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Jamaica (Juvenile And Women Offenders)

Volume 245: debated on Wednesday 19 November 1930

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21 and 23.

asked the Under-Secretary of State for the Colonies, (1) how many paid probation officers there are in Jamaica;

(2) how many women prisoners there are in Kingston penitentiary and what facilities are provided for the classification of these prisoners?

The number of women prisoners in the general penitentiary at 31st December, 1929, was 73. Full details as to classification, etc., in the gaols and prisons are given in Section 24 of the Jamaica Blue Book for 1929, a copy of which I will have sent to the hon. and gallant Member. The report on Probation Work for the year does not give the exact number of probation officers, paid or otherwise, but alludes to "a large staff" which is under the direction of two capable officers. Provision is made in the Colony's Estimates for the current year for £768 to cover allowances for probation work throughout the parishes of the Colony.


asked the Under-Secretary of State for the Colonies whether he will take immediate steps to establish separate children's courts at Kingston and in other centres in Jamaica?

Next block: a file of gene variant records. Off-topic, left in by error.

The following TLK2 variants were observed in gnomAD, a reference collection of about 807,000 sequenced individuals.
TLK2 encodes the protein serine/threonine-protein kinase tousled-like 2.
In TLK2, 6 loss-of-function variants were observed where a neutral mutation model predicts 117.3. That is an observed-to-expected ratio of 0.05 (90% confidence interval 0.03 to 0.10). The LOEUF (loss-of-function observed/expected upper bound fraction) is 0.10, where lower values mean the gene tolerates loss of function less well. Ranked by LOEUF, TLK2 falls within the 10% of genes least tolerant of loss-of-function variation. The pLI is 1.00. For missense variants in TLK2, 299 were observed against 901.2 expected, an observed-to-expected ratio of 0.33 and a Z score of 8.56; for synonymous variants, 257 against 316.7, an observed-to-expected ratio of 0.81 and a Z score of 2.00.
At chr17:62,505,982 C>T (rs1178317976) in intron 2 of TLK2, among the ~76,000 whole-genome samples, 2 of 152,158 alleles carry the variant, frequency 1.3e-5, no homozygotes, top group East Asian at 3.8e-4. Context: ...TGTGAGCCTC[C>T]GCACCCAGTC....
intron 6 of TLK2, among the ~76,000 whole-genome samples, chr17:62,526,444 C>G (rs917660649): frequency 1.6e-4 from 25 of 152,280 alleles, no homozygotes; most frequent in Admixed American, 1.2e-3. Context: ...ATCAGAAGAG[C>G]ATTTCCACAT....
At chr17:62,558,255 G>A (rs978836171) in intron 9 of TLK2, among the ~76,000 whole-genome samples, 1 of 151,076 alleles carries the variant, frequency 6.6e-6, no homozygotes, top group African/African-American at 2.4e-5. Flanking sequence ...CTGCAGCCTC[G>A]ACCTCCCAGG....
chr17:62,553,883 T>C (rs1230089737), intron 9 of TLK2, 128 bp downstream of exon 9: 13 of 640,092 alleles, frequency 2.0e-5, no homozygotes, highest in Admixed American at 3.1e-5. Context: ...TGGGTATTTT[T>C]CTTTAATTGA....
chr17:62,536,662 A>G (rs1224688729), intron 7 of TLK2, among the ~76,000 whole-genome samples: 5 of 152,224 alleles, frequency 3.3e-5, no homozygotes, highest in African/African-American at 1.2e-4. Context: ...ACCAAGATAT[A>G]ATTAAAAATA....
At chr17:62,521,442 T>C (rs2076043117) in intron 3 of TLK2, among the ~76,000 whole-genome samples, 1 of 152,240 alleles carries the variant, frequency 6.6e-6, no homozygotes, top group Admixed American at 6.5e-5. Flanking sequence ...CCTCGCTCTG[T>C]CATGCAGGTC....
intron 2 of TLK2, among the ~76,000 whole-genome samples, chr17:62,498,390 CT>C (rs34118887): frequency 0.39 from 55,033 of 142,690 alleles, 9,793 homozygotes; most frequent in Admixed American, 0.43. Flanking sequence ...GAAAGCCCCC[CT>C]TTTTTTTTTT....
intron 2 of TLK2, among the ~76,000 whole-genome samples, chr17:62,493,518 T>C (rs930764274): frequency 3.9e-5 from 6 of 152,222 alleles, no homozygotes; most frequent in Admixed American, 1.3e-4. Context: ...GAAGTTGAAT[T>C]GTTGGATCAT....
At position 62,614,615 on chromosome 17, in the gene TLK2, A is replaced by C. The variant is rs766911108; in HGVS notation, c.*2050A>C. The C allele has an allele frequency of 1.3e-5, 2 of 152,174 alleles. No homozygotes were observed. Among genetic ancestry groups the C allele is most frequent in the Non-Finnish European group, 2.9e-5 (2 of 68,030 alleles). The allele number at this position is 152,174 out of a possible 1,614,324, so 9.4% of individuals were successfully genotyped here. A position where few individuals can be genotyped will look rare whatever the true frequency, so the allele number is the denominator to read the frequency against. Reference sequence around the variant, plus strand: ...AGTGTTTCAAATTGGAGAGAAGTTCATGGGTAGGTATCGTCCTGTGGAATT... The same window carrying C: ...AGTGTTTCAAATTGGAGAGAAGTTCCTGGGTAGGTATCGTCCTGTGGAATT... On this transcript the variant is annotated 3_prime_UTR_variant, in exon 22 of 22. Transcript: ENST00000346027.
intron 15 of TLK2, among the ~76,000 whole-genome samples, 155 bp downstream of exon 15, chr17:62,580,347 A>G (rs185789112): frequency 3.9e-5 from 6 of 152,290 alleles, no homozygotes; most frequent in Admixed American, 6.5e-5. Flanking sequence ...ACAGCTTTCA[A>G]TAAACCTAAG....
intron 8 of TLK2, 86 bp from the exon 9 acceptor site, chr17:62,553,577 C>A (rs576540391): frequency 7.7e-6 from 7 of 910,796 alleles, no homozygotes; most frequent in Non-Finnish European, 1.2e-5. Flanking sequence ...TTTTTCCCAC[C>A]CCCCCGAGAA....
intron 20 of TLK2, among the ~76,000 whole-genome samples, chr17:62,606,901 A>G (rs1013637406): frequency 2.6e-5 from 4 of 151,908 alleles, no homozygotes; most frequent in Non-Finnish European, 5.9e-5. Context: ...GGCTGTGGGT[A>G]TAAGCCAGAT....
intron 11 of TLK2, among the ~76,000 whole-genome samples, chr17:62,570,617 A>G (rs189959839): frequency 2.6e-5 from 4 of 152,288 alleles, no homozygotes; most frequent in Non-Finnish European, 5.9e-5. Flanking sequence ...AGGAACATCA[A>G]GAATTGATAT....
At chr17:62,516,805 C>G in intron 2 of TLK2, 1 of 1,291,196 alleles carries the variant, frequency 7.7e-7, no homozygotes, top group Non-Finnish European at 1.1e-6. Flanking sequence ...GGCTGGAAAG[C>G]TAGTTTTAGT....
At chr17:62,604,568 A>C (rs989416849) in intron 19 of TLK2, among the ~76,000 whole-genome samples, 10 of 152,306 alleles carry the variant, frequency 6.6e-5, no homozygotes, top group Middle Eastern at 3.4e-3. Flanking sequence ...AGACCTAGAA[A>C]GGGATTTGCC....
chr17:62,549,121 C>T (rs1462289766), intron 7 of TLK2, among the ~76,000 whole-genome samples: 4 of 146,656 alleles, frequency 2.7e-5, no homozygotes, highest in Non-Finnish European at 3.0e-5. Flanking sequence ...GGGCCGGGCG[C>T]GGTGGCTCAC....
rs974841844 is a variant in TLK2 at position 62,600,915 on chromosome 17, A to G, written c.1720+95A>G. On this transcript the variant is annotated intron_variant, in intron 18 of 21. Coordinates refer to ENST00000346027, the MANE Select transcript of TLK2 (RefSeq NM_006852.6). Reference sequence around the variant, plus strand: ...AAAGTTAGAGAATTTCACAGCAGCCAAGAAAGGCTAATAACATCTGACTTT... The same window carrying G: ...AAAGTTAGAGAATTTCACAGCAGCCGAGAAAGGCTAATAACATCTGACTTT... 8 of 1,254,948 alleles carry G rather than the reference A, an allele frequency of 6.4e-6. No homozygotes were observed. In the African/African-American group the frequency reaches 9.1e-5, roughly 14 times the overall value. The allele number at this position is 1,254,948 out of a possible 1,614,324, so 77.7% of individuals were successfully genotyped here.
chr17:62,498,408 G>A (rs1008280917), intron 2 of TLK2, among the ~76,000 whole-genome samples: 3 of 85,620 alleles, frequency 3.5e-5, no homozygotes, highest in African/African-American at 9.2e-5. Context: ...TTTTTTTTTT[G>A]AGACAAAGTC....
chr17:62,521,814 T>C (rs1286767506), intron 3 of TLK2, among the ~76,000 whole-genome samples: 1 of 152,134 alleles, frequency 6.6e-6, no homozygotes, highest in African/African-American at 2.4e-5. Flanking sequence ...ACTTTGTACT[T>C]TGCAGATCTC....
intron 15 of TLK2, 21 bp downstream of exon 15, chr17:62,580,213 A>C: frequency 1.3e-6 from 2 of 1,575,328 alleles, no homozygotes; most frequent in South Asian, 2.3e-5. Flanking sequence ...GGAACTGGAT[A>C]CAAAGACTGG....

The law of Jamaica allows a discretion to a Resident Magistrate or the presiding Justices to order that the case against any child shall he heard in camera. Early this year the Secretary of State appointed a Committee to consider the arrangements in force in the Dependencies under the control of the Colonial Office in connection with the trial and punishment of young offenders, and the recommendations made by the Committee were discussed at the Colonial Office Conference in the summer and communicated to the Colonial Governments in September. Among the recommendations is a model draft law which deals fully with, inter alia, the establishment of juvenile courts, and the Government of Jamaica amongst other dependencies has been asked to consider the introduction of legislation on the lines of the model.